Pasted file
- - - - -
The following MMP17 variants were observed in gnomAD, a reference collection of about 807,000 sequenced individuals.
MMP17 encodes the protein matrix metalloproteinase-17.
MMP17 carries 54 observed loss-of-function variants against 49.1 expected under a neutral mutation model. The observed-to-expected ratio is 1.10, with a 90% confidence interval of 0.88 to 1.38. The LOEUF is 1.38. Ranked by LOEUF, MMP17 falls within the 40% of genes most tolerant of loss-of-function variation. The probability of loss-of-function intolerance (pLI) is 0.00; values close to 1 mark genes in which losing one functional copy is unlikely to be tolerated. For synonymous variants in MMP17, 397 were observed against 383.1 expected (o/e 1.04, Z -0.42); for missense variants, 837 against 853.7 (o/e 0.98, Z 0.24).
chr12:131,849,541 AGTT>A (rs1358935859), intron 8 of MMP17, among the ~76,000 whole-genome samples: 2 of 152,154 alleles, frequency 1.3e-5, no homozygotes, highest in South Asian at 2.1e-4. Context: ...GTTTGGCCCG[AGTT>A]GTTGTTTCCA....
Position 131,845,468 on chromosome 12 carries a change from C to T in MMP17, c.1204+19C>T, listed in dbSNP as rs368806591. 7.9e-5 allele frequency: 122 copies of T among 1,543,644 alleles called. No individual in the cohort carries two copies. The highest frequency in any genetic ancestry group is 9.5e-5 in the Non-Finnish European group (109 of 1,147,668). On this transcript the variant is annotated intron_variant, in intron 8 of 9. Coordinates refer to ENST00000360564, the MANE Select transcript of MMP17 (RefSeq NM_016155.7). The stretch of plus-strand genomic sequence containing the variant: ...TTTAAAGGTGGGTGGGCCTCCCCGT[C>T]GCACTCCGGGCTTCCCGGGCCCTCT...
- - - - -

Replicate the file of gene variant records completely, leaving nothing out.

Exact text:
The following MMP17 variants were observed in gnomAD, a reference collection of about 807,000 sequenced individuals.
MMP17 encodes the protein matrix metalloproteinase-17.
MMP17 carries 54 observed loss-of-function variants against 49.1 expected under a neutral mutation model. The observed-to-expected ratio is 1.10, with a 90% confidence interval of 0.88 to 1.38. The LOEUF is 1.38. Ranked by LOEUF, MMP17 falls within the 40% of genes most tolerant of loss-of-function variation. The probability of loss-of-function intolerance (pLI) is 0.00; values close to 1 mark genes in which losing one functional copy is unlikely to be tolerated. For synonymous variants in MMP17, 397 were observed against 383.1 expected (o/e 1.04, Z -0.42); for missense variants, 837 against 853.7 (o/e 0.98, Z 0.24).
chr12:131,849,541 AGTT>A (rs1358935859), intron 8 of MMP17, among the ~76,000 whole-genome samples: 2 of 152,154 alleles, frequency 1.3e-5, no homozygotes, highest in South Asian at 2.1e-4. Context: ...GTTTGGCCCG[AGTT>A]GTTGTTTCCA....
Position 131,845,468 on chromosome 12 carries a change from C to T in MMP17, c.1204+19C>T, listed in dbSNP as rs368806591. 7.9e-5 allele frequency: 122 copies of T among 1,543,644 alleles called. No individual in the cohort carries two copies. The highest frequency in any genetic ancestry group is 9.5e-5 in the Non-Finnish European group (109 of 1,147,668). On this transcript the variant is annotated intron_variant, in intron 8 of 9. Coordinates refer to ENST00000360564, the MANE Select transcript of MMP17 (RefSeq NM_016155.7). The stretch of plus-strand genomic sequence containing the variant: ...TTTAAAGGTGGGTGGGCCTCCCCGT[C>T]GCACTCCGGGCTTCCCGGGCCCTCT...